cated, in part because the relevant concepts are poorly developed, and in part because researchers’ aims vary widely across studies. Operationalization answers questions such as: “How do we measure this or that aspect of mistreatment?” or “How will we know whether we should count this as a case of mistreatment?” Ideally, operationalization leads to the development of a set of criteria for answering this question and a process by which these criteria can be applied in the field—the measurement method.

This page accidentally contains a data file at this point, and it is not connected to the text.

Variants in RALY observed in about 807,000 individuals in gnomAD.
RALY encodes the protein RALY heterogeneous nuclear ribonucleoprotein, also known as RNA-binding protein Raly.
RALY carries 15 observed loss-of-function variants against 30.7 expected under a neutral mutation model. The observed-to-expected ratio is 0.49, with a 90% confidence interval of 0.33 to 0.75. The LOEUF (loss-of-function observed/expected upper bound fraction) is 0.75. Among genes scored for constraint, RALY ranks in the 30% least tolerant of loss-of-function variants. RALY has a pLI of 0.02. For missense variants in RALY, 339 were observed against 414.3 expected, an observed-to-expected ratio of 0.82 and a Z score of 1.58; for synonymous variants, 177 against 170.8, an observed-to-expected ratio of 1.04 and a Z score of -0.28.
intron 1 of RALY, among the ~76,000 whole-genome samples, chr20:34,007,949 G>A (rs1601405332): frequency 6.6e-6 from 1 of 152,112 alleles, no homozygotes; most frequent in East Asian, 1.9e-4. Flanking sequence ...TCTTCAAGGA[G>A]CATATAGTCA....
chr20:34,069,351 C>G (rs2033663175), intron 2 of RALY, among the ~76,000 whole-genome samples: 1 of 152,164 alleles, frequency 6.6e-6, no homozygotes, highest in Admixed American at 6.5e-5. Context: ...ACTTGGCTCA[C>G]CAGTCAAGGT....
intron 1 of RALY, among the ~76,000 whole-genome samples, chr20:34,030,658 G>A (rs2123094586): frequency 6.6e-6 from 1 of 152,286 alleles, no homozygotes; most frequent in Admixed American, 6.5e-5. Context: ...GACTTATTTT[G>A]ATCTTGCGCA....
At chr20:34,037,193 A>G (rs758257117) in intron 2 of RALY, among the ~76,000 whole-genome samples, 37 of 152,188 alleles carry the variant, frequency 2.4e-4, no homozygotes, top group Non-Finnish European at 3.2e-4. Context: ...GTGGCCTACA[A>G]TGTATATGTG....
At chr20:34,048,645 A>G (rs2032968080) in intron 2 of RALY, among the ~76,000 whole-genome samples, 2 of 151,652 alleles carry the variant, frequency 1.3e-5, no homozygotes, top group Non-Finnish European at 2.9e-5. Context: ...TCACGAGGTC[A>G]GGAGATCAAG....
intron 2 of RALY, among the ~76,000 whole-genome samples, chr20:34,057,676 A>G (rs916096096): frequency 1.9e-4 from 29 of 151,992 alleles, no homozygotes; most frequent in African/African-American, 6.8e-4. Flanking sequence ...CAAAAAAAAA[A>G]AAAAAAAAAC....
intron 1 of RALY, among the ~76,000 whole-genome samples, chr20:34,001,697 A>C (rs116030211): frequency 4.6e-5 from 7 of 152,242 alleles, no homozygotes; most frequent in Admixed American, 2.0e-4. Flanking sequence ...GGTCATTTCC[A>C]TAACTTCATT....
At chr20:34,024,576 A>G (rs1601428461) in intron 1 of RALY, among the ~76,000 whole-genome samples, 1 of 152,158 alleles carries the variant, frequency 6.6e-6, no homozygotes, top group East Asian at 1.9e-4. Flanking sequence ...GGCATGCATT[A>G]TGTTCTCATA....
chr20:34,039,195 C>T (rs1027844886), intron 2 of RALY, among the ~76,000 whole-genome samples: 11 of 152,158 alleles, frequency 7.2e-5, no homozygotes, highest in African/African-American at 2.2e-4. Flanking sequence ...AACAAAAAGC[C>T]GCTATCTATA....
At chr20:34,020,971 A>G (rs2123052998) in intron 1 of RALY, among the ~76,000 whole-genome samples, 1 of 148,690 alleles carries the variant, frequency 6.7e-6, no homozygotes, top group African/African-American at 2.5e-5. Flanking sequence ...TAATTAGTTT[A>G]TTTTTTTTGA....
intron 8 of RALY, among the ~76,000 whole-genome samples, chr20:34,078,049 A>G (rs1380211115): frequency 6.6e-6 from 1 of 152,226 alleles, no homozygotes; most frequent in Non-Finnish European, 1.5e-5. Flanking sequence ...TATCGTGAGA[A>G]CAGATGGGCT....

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2. Concepts, Definitions, and Guidelines for Measurement ."
Elder Mistreatment: Abuse, Neglect, and Exploitation in an Aging America . Washington, DC: The National Academies Press,
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